• Need for Accessibility • ~1 billion worldwide have form of disability World Report on Disability, 2011 • Disproportionate affect on health, education, employment, and poverty World Report on Disability, 2011 • 11% U.S. postsecondary students report disability AIM Commission Report, 2011 • Many experience accessibility barriersAIM Commission Report, 2011 18
  • • United Nations Convention on Rights of Persons with Disabilities (2006) – Ratified by 141 countries • United Kingdom Equality Act (2010) • Americans with Disabilities Act (1990) • European Union Digital Agenda (2010-2020) Treaties and Laws
  • Digital Agenda for European Union • Enhancing digital literacy, skills & inclusion – Over 50% of Europeans use the internet daily – but 30% have never used it at all! Moreover, disabled persons face particular difficulties in benefiting fully from new electronic content and services. As ever more daily tasks are carried out online, everyone needs enhanced digital skills to participate fully in society. The Digital Agenda tackles the digital divide. (digital literacy, skills and inclusion analysis and data) http://ec.europa.eu/digital-agenda/ 20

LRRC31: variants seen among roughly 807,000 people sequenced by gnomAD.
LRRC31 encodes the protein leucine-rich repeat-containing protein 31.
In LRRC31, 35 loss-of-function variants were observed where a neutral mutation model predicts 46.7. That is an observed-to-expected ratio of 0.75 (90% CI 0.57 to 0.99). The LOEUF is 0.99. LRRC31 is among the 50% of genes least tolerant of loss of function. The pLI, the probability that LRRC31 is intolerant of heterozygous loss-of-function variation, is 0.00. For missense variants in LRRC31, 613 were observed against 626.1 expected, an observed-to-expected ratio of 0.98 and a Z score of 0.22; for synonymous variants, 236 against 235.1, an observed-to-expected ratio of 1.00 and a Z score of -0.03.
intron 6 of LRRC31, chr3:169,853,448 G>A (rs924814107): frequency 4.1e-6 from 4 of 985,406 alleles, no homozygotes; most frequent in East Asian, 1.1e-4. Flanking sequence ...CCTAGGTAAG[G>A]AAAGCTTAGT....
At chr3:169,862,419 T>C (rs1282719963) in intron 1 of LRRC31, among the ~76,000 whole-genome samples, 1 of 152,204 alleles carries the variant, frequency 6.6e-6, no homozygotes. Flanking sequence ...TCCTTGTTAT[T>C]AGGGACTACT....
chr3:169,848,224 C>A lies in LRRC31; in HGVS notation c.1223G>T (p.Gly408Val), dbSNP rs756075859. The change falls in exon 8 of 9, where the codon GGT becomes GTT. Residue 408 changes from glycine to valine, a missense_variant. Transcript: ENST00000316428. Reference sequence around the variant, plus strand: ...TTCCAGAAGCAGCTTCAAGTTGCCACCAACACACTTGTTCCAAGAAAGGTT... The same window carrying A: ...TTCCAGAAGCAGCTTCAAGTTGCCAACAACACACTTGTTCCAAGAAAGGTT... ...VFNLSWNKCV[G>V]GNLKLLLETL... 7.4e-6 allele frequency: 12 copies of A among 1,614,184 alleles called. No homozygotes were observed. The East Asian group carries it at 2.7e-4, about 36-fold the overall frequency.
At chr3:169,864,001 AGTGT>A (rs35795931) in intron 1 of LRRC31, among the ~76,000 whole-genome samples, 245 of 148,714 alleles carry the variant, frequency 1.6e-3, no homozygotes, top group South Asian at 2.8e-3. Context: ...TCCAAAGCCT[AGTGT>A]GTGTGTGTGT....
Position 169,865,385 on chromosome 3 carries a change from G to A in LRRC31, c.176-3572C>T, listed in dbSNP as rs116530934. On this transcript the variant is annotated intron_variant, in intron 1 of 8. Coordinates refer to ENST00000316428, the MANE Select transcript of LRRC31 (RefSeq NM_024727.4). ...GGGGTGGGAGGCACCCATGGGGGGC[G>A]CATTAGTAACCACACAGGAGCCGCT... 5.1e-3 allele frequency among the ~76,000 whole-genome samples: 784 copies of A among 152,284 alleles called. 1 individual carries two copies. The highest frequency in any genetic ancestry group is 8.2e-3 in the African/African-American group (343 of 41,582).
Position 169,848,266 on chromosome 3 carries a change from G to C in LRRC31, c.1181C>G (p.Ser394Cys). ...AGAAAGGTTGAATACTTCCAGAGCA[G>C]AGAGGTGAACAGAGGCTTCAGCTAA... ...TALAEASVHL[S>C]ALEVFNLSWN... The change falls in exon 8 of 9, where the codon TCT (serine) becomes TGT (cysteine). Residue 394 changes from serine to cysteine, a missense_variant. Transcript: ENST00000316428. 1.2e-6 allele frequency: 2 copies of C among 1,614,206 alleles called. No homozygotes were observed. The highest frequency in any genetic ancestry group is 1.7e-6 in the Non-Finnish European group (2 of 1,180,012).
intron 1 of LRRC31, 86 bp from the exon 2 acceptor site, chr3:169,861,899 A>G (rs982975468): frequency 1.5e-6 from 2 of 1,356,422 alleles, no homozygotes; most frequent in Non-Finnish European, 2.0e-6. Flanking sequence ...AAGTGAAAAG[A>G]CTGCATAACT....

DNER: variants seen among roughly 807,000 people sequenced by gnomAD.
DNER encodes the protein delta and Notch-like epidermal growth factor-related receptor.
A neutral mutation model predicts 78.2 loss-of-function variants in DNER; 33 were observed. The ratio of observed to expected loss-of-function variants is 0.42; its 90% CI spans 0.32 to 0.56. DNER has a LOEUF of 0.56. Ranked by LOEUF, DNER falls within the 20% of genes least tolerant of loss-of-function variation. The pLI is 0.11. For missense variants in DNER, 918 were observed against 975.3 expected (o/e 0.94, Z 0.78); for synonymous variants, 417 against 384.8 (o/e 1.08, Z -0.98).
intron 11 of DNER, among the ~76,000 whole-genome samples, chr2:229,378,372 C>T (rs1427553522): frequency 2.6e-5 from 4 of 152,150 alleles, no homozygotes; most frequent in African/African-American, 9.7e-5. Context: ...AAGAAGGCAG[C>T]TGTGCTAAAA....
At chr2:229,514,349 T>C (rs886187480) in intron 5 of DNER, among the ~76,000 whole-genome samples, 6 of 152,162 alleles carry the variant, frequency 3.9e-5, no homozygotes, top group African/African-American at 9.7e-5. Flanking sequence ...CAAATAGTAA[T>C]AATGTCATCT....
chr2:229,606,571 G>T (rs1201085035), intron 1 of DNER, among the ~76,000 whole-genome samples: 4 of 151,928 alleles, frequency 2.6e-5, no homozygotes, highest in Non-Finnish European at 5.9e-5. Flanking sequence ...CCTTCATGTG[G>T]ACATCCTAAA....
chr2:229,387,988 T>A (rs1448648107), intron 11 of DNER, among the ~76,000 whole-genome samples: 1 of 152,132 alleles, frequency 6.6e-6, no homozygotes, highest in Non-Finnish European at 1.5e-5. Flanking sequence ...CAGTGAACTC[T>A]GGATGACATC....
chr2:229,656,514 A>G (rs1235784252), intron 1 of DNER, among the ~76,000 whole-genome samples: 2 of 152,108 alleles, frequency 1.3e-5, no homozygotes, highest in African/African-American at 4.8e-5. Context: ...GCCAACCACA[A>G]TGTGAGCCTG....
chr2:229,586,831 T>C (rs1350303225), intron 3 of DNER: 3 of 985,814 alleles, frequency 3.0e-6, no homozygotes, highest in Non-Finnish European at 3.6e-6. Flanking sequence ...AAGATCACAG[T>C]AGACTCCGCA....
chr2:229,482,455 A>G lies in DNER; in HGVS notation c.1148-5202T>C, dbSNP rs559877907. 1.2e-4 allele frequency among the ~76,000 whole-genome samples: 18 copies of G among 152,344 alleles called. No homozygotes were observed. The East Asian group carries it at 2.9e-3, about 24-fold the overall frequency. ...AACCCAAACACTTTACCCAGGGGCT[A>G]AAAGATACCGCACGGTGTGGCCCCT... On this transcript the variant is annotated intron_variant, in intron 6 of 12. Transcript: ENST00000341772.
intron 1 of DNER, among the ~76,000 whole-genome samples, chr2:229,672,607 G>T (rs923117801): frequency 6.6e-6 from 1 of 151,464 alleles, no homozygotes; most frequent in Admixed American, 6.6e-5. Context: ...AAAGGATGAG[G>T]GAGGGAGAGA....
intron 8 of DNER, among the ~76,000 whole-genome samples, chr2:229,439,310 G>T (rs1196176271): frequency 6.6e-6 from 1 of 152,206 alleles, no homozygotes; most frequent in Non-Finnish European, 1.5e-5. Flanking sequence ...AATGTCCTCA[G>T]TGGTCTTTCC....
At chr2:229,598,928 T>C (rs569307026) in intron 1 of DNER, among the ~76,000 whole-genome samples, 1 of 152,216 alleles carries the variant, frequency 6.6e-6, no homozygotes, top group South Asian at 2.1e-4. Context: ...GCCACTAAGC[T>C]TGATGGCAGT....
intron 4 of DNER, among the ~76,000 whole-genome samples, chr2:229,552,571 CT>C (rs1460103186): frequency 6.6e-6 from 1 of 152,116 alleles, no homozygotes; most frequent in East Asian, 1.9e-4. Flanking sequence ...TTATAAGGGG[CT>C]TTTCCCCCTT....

• What are the laws and accepted practices in your country? Image from nasa.gov 21
  • Design & Guidelines • Universal Design for Learning • AccessForAll ISO 24751 – IMS Global working group, has created a robust set of property values and terms for accessibility • Web Accessibility Initiative – 3 guidelines – WCAG 2.0, WAI-ARIA Authoring, WAI-ARIA User Agent • Accessible Digital Office Documents (ADOD) 22
  • Universal Design for Learning • Origins in Universal Design – Embedding choice in the things we design • Provide multiple means for learners to – Express knowledge – Represent knowledge – Engage with knowledge http://www.cast.org/udl/ 23